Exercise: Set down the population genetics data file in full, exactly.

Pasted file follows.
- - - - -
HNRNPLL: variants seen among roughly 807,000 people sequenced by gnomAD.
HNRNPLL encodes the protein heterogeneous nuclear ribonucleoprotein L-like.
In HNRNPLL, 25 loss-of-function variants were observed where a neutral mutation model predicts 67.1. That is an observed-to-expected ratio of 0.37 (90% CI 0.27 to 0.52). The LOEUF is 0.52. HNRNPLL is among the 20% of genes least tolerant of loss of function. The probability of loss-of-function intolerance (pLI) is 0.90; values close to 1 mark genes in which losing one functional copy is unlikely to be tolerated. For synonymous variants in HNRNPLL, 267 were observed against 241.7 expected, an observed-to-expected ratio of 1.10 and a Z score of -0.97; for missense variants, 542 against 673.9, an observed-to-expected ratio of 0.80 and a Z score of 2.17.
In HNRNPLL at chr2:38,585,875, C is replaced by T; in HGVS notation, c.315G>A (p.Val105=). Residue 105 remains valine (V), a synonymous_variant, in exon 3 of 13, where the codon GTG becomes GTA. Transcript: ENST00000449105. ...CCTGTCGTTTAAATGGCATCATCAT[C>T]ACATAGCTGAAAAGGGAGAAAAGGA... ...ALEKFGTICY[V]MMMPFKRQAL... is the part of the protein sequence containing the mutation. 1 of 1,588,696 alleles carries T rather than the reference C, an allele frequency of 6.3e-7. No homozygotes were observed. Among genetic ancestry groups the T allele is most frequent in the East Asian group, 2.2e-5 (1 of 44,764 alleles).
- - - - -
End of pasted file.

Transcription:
HNRNPLL: variants seen among roughly 807,000 people sequenced by gnomAD.
HNRNPLL encodes the protein heterogeneous nuclear ribonucleoprotein L-like.
In HNRNPLL, 25 loss-of-function variants were observed where a neutral mutation model predicts 67.1. That is an observed-to-expected ratio of 0.37 (90% CI 0.27 to 0.52). The LOEUF is 0.52. HNRNPLL is among the 20% of genes least tolerant of loss of function. The probability of loss-of-function intolerance (pLI) is 0.90; values close to 1 mark genes in which losing one functional copy is unlikely to be tolerated. For synonymous variants in HNRNPLL, 267 were observed against 241.7 expected, an observed-to-expected ratio of 1.10 and a Z score of -0.97; for missense variants, 542 against 673.9, an observed-to-expected ratio of 0.80 and a Z score of 2.17.
In HNRNPLL at chr2:38,585,875, C is replaced by T; in HGVS notation, c.315G>A (p.Val105=). Residue 105 remains valine (V), a synonymous_variant, in exon 3 of 13, where the codon GTG becomes GTA. Transcript: ENST00000449105. ...CCTGTCGTTTAAATGGCATCATCAT[C>T]ACATAGCTGAAAAGGGAGAAAAGGA... ...ALEKFGTICY[V]MMMPFKRQAL... is the part of the protein sequence containing the mutation. 1 of 1,588,696 alleles carries T rather than the reference C, an allele frequency of 6.3e-7. No homozygotes were observed. Among genetic ancestry groups the T allele is most frequent in the East Asian group, 2.2e-5 (1 of 44,764 alleles).